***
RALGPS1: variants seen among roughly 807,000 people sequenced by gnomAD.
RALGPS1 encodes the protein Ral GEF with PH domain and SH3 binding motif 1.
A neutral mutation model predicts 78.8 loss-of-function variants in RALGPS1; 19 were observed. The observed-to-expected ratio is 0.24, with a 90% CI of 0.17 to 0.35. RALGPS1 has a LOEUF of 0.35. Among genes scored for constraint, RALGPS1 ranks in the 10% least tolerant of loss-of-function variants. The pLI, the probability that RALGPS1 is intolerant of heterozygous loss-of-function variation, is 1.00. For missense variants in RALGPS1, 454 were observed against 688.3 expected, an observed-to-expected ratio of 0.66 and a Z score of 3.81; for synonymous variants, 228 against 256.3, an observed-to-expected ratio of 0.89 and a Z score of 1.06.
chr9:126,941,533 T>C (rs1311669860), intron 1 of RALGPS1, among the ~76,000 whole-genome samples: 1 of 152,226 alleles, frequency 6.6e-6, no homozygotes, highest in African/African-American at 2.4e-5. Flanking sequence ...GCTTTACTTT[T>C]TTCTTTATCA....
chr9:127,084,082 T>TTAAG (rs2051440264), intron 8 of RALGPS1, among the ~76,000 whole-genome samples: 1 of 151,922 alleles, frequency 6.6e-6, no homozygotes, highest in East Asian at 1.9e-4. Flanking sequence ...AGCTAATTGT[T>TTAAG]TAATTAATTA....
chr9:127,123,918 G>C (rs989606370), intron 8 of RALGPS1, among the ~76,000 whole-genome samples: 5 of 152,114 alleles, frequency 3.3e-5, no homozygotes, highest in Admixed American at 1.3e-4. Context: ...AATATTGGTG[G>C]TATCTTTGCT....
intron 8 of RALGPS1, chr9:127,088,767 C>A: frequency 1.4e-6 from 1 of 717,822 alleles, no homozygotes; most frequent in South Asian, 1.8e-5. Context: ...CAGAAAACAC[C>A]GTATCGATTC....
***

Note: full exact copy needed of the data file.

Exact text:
RALGPS1: variants seen among roughly 807,000 people sequenced by gnomAD.
RALGPS1 encodes the protein Ral GEF with PH domain and SH3 binding motif 1.
A neutral mutation model predicts 78.8 loss-of-function variants in RALGPS1; 19 were observed. The observed-to-expected ratio is 0.24, with a 90% CI of 0.17 to 0.35. RALGPS1 has a LOEUF of 0.35. Among genes scored for constraint, RALGPS1 ranks in the 10% least tolerant of loss-of-function variants. The pLI, the probability that RALGPS1 is intolerant of heterozygous loss-of-function variation, is 1.00. For missense variants in RALGPS1, 454 were observed against 688.3 expected, an observed-to-expected ratio of 0.66 and a Z score of 3.81; for synonymous variants, 228 against 256.3, an observed-to-expected ratio of 0.89 and a Z score of 1.06.
chr9:126,941,533 T>C (rs1311669860), intron 1 of RALGPS1, among the ~76,000 whole-genome samples: 1 of 152,226 alleles, frequency 6.6e-6, no homozygotes, highest in African/African-American at 2.4e-5. Flanking sequence ...GCTTTACTTT[T>C]TTCTTTATCA....
chr9:127,084,082 T>TTAAG (rs2051440264), intron 8 of RALGPS1, among the ~76,000 whole-genome samples: 1 of 151,922 alleles, frequency 6.6e-6, no homozygotes, highest in East Asian at 1.9e-4. Flanking sequence ...AGCTAATTGT[T>TTAAG]TAATTAATTA....
chr9:127,123,918 G>C (rs989606370), intron 8 of RALGPS1, among the ~76,000 whole-genome samples: 5 of 152,114 alleles, frequency 3.3e-5, no homozygotes, highest in Admixed American at 1.3e-4. Context: ...AATATTGGTG[G>C]TATCTTTGCT....
intron 8 of RALGPS1, chr9:127,088,767 C>A: frequency 1.4e-6 from 1 of 717,822 alleles, no homozygotes; most frequent in South Asian, 1.8e-5. Context: ...CAGAAAACAC[C>A]GTATCGATTC....